Tag Archives: Spanish

Christmas Festivities – Spanish Style (guest post)

The following is a guest post from Martin of the S&M Motel.  Thank-you Martin!  This is also the first guest post on DreamBigLiveBoldly.com.  If you’d like to be a guest contributor, please contact me.

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We are temporary inhabitants of the S&M Motel and I have so enjoyed the blogs from Patrick that I thought I would let you know what’s going on in Spain as the festive season approaches.

Like most places in the world with a Christian tradition, the towns and cities of Spain are becoming illuminated with decorations. Abstract swirly things suspended from lampposts, LED animals tethered to the roadside verges, along with traditional Christian and secular symbols (e.g. stockings, Santas and sleigh bells).  Nothing unusual there.

However. there is a tradition in Spain of building and displaying Beléns (Belén is Spanish for Bethlehem).  They look like an expanded version of a nativity scene. Their central focus is a tableau of the stable and its inhabitants, but from there the scene expands in time and space. Scenes depicting Gabriel telling Mary she was expecting, Herod’s edict to slaughter the innocents, the flight to Egypt, and Jesus at the temple are all somehow woven into a kitsch cardboard and plastic, seemingly fairly inflammable, toy town construction.

Municipalities compete for the grandest Belén.  In Malaga the city hall is open to the public.  Their 10 metre long Belén, guarded by the police, is admired by streams of people filing in to admire the display. This is not just for kids.  The crowds include courting couples, businessmen, and elderly people, photographing and discussing the arrangement of the little town (literally) of Bethlehem.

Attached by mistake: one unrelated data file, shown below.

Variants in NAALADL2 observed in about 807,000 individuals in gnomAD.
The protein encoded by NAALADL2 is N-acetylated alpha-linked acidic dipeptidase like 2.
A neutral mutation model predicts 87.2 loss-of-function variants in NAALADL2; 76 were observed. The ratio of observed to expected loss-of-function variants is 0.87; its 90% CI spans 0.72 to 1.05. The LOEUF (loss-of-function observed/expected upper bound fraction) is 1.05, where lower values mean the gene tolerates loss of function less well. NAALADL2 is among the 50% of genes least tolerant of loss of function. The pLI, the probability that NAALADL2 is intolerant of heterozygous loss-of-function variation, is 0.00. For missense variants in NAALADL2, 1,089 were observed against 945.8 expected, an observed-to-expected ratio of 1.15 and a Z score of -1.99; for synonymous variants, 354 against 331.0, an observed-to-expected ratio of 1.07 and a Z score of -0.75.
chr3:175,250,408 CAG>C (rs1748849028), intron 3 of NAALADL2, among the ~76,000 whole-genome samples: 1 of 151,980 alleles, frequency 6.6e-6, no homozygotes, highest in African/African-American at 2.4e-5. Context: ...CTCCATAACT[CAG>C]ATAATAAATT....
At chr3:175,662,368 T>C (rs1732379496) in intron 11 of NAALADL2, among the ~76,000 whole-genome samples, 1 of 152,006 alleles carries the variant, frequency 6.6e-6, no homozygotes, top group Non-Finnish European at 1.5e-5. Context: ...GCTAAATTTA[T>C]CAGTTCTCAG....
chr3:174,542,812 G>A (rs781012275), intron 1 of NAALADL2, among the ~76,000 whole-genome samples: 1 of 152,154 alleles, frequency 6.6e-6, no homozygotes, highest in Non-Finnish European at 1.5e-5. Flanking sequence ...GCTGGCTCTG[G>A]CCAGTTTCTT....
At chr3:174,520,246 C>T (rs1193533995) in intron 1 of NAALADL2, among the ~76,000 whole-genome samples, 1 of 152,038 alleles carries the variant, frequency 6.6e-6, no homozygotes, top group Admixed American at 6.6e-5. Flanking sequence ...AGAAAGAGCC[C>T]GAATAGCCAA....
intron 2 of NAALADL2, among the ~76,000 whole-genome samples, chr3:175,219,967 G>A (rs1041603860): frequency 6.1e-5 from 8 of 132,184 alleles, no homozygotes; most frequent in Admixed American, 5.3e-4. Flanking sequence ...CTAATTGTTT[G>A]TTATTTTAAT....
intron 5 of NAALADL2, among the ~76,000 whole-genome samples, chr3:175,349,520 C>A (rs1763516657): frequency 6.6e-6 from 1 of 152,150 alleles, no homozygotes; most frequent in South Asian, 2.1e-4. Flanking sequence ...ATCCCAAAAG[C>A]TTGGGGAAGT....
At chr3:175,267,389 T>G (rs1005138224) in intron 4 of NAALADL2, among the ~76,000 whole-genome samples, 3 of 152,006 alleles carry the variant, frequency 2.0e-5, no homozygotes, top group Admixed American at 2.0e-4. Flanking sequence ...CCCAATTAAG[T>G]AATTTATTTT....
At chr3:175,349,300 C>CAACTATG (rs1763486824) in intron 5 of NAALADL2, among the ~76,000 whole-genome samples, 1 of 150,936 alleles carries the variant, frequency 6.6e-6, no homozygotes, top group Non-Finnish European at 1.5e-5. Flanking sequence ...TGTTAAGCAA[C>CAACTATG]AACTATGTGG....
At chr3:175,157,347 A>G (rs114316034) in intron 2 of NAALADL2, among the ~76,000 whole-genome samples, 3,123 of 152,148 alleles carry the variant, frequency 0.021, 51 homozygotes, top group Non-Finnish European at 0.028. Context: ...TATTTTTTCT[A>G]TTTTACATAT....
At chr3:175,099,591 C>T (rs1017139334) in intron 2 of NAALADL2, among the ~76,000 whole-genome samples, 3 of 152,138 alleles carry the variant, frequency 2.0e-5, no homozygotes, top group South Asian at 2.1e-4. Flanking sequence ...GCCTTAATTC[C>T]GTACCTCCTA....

The 10 metre Belén in Malaga City Hall

The 10 metre Belén in Malaga City Hall

Beléns are big business.  Every home should have one. Stalls sell figurines, prefabricated stables, watermills, bushes, trees, and anything else you can imagine (and some you can’t) to build a mega model nativity. The most bizarre figure we saw for sale was a Boxcar Willy lookalike on a rocking chair peeling an orange. There are grown men out at night hunting through hundreds of shepherds, Marys, baby Jesuses, camels, wise men, and carpentry shops for the perfect addition to their own private Beléns.

Close up of Belén Figurines

Belén figurines, individually priced and ready to go!

The other odd thing about continental European festivals — I make the distinction because we are from a bit of Europe that happens not to be on the continent — is the liberal detonation by children of street fireworks. I don’t know what happens in Canada, but in the old country one has to hold a special licence, have a safe piece of ground separated from the public, and have a damn good reason to let off any pyrotechnic device, let alone the cheap Chinese ones thrown around by the children of the continent.

These things (the fireworks not the children) are for sale from street market stalls that also sell other festive novelties, for example, father Christmas costumes for dogs, fake dog poo (always a crowd pleaser), and the ever popular self-inflating whoopee cushion.

Although some of these novelties are taken home and presumably treasured by generations to come, many of the fireworks are for instant use. The kids are bought bags of sweetie-looking whizzers, rockets, bangers, and buzzers (along with a novelty cigarette lighter) by doting parents and immediately set to the task of lighting and throwing them as quickly as possible. The streets are littered with discarded wrappers and spent casing. Some older people object, particularly in the case of shock or injury, but it doesn’t seem to dampen the enthusiasm for the sport among the young.

One can only wonder at the number of times that a wayward firework has resulted in the devastation of a lovingly created Belen…… still they all seem to be having a merry time, bless.